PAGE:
5. Telecommunications carriers have a vested interest in maintaining the high margins of services like MPLS.  With that, SD-WAN service offerings will likely be created to augment MPLS services, not replace them whether or not that is the right solution for the customer.

From a technology standpoint, SD-WAN will no doubt create a great deal of value, agility and savings for those running large wide area networks, no matter who it is procured from.  That said, I would advise not locking into a solution that reduces choice and the ability to realize SD-WAN’s fullest potential.

Why I left my job to co-found a managed SD-WAN services company

I left my job of 13 years to found a new company.  It’s the end of an era for me and it was not an easy decision to make.   The reason?  I believe a new technology space known as Software Defined Wide Area Networking (SD-WAN) is one of the most significant advancements we’ve seen in decades as to how we build wide area networks and I want to be a part of it.  I’ll explain.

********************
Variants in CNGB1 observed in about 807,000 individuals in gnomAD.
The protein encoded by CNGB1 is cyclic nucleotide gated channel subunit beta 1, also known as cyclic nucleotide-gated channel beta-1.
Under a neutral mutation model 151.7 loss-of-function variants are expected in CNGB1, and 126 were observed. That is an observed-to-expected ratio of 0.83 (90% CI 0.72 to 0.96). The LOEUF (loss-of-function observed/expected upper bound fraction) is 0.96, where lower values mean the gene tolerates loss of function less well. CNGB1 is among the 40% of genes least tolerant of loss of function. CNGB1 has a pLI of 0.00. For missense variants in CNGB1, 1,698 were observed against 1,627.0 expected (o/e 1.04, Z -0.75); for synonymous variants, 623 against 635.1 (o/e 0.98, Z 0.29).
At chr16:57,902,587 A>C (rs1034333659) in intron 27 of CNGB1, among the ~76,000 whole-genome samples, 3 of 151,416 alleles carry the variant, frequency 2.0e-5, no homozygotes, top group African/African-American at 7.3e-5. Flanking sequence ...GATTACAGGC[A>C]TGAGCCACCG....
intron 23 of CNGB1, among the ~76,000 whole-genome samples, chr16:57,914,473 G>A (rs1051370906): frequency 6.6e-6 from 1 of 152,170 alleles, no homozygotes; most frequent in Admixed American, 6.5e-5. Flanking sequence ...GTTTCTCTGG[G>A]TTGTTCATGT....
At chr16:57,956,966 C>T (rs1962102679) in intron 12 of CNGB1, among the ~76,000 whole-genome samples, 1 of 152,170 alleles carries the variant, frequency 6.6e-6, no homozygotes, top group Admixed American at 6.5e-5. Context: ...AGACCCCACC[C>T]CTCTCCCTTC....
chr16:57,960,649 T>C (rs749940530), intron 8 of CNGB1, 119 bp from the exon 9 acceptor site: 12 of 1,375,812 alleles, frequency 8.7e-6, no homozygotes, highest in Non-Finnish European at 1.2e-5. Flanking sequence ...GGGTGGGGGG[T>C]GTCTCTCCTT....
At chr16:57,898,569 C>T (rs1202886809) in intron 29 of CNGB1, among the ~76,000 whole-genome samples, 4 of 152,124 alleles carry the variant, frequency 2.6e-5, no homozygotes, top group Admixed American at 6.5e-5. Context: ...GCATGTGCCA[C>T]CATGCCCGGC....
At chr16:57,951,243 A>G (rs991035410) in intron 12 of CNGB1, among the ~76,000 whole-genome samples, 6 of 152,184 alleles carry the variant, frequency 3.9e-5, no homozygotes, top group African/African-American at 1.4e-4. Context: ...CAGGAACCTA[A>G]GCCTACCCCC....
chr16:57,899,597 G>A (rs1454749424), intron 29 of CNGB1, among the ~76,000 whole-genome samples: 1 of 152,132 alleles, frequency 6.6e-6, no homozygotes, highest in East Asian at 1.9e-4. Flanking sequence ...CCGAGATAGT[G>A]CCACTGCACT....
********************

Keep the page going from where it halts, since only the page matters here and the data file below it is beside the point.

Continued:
I’ve worked for one service provider or another for the past 17 years.  I joined Stratos Internet Group, a regional dial-up ISP, on the same day that Naptser debuted on June 1st, 1999.  From dial-up to Carrier Ethernet, frame relay to MPLS, e-mail and website hosting to cloud, there has never been a shortage of new services emerging and exciting technologies to learn about.  In particular, since 2003 I’ve enjoyed helping build a regional business class ISP called Fidelity Access Networks into Fidelity Voice and Data, a boutique telecommunications powerhouse in Ohio.  We married a carrier grade network with out-of-the-box thinking and an unparalleled support experience to offer what I feel were the best products in the business.  Fidelity was a large and very important part of my life for the last 13 years.   As many of you who have worked with us know, Fidelity was acquired by Fusion (FSNN on Nasdaq – http://www.fusionconnect.com/) back in December of 2015.  Fusion is a good fit from a product and services perspective plus fills in the gaps with many services that Fidelity lacked.  Even though all of this was lining up to be an interesting next chapter for me, there was something on my mind.  I felt myself drawn in a different direction.